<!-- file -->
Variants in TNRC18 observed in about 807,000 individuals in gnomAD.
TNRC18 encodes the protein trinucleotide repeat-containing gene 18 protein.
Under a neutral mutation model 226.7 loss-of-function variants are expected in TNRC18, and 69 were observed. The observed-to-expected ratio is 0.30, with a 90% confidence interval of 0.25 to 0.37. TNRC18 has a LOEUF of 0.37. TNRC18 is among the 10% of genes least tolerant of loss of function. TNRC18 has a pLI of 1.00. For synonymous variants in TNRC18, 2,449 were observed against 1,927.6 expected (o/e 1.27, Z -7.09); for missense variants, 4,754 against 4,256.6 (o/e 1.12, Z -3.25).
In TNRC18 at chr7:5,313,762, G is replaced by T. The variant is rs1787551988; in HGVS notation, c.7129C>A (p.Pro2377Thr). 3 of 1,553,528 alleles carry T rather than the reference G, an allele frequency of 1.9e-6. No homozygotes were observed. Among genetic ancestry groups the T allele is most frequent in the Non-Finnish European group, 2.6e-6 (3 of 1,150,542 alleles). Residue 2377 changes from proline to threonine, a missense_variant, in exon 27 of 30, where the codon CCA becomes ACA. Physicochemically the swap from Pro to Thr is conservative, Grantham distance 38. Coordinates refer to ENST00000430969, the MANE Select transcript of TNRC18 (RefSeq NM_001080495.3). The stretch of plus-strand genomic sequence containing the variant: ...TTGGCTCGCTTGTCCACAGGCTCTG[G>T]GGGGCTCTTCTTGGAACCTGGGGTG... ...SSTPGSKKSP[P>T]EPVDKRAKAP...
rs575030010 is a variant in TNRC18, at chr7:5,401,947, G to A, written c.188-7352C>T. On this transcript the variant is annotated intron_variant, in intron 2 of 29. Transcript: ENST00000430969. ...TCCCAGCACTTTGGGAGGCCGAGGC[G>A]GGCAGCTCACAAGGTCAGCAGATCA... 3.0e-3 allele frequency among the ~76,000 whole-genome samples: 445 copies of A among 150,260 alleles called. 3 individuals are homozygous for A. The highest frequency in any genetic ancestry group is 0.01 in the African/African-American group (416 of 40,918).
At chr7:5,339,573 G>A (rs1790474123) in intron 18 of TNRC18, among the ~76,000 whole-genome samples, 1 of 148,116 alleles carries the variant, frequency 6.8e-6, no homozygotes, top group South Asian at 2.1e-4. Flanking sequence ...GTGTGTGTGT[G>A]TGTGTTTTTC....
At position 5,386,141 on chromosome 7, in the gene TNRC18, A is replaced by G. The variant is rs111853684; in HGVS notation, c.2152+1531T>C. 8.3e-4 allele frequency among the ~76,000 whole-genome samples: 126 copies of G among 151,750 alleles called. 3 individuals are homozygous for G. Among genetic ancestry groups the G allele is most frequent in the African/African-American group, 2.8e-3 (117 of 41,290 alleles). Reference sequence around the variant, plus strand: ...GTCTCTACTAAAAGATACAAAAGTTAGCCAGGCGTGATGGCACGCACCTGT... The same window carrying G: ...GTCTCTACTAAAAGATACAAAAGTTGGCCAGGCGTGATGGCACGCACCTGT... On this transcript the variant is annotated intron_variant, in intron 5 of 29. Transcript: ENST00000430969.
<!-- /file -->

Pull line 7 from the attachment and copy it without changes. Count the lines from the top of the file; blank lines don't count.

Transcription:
At position 5,386,141 on chromosome 7, in the gene TNRC18, A is replaced by G. The variant is rs111853684; in HGVS notation, c.2152+1531T>C. 8.3e-4 allele frequency among the ~76,000 whole-genome samples: 126 copies of G among 151,750 alleles called. 3 individuals are homozygous for G. Among genetic ancestry groups the G allele is most frequent in the African/African-American group, 2.8e-3 (117 of 41,290 alleles). Reference sequence around the variant, plus strand: ...GTCTCTACTAAAAGATACAAAAGTTAGCCAGGCGTGATGGCACGCACCTGT... The same window carrying G: ...GTCTCTACTAAAAGATACAAAAGTTGGCCAGGCGTGATGGCACGCACCTGT... On this transcript the variant is annotated intron_variant, in intron 5 of 29. Transcript: ENST00000430969.